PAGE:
Is the Arctic getting bigger or smaller?

Is the Arctic getting bigger or smaller?

The Arctic regularly reaches ever smaller extents of end-of-summer minimum extents of sea ice. This changing sea ice extent is cited by the IPCC as an indicator of a warming world. However, sea ice extent is growing in Antarctica [1]. In fact, it’s recently broken a record for maximum extent.

Why is the Arctic shrinking?

In the Arctic Ocean, the area covered by sea ice grows and shrinks over the course of the year. Each fall, as less sunlight reaches the Arctic and air temperatures begin to drop, additional sea ice forms. The total area covered by ice increases through the winter, usually reaching its maximum extent in early March.

Is the Arctic losing ice?

A new study has documented drastic ice loss in both the north and south polar regions; scientists found that the single biggest reduction came from Arctic sea ice — the Earth lost 7.6 trillion metric tons of it in the last three decades.

How fast is the Arctic shrinking?

13.1% per decade
“Even with global warming and the overall downward trend in sea ice, there is still natural variability,” says Walt Meier, a senior research scientist at NSIDC, who is based at the University of Colorado Boulder. The minimum Arctic sea-ice extent is declining at a rate of 13.1% per decade.

Is Antarctica getting colder?

There is no evidence that any significant region of Antarctic has been cooling over the long term, except in fall. In a 2016 paper, Turner and others point out that if one considers just the last ~18 years, the trend on the Antarctic Peninsula has been cooling.

What happens if North Pole melts?

“If all the ice covering Antarctica , Greenland, and in mountain glaciers around the world were to melt, sea level would rise about 70 meters (230 feet). The ocean would cover all the coastal cities. And land area would shrink significantly,” the Museum of Natural History site reads.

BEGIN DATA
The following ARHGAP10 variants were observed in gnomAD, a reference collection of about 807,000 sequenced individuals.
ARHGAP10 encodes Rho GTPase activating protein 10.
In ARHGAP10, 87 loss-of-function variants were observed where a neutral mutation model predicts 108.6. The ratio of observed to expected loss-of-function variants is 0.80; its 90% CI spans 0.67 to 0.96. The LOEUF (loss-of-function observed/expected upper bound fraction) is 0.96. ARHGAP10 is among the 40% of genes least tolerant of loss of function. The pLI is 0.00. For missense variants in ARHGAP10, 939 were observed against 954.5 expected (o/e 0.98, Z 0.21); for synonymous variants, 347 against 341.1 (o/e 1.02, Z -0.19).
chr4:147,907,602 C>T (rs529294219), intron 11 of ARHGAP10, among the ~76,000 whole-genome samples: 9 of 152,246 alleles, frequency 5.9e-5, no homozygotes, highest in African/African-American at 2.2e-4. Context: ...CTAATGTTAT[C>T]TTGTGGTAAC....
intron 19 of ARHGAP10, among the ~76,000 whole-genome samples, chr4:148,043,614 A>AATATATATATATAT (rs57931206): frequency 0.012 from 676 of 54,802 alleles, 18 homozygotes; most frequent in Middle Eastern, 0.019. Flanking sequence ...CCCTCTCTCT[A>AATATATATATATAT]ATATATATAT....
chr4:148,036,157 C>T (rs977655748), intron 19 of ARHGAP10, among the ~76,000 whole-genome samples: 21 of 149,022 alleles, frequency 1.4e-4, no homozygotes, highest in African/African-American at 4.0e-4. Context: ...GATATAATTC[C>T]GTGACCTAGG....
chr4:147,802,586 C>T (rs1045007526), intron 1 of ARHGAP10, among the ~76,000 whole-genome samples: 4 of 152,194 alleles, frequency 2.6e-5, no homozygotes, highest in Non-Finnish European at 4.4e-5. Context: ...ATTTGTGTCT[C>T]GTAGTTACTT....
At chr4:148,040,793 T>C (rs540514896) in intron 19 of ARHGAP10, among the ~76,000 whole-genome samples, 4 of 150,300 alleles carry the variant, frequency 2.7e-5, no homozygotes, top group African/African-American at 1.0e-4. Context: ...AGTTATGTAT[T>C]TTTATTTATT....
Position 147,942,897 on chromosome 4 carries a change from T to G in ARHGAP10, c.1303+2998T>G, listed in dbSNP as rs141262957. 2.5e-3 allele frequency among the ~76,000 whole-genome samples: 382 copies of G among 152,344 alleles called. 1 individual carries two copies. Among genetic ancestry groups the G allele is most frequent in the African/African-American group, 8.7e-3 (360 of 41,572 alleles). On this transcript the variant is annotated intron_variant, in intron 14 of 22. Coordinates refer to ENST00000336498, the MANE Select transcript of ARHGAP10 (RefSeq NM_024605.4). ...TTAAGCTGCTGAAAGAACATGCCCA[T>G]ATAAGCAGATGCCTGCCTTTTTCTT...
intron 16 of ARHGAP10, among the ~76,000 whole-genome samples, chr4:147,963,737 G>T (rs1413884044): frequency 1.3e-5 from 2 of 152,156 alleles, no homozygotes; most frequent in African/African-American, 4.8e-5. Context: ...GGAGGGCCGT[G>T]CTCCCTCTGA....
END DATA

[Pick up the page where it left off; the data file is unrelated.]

Is the Antarctica getting colder?

How is the latitude of the Arctic Circle affected?

Its latitude depends on the Earth’s axial tilt, which fluctuates within a margin of more than 2° over a 41,000-year period, owing to tidal forces resulting from the orbit of the Moon. Consequently, the Arctic Circle is currently drifting northwards (shrinking) at a speed of about 15 m (49 ft) per year.

How much is the Arctic sea ice declining?

September Arctic sea ice is now declining at a rate of 12.8 percent per decade, relative to the 1981 to 2010 average. This graph shows the average monthly Arctic sea ice extent each September since 1979, derived from satellite observations.

How is the climate in the Arctic changing?

The average temperature of the Arctic has increased 2.3°C since the 1970s. Ice dependent species such as narwhals, polar bears, and walruses are at increasing risk with shrinking sea ice cover.

What’s the difference between the Arctic and the Antarctic?

The Antarctic is almost the geographic opposite of the Arctic – not just because it’s on the other side of the world. The Antarctic consists of land surrounded by an ocean. The sea ice is free to move, and often floats northward into warmer waters where it eventually melts during the southern hemisphere’s summer months.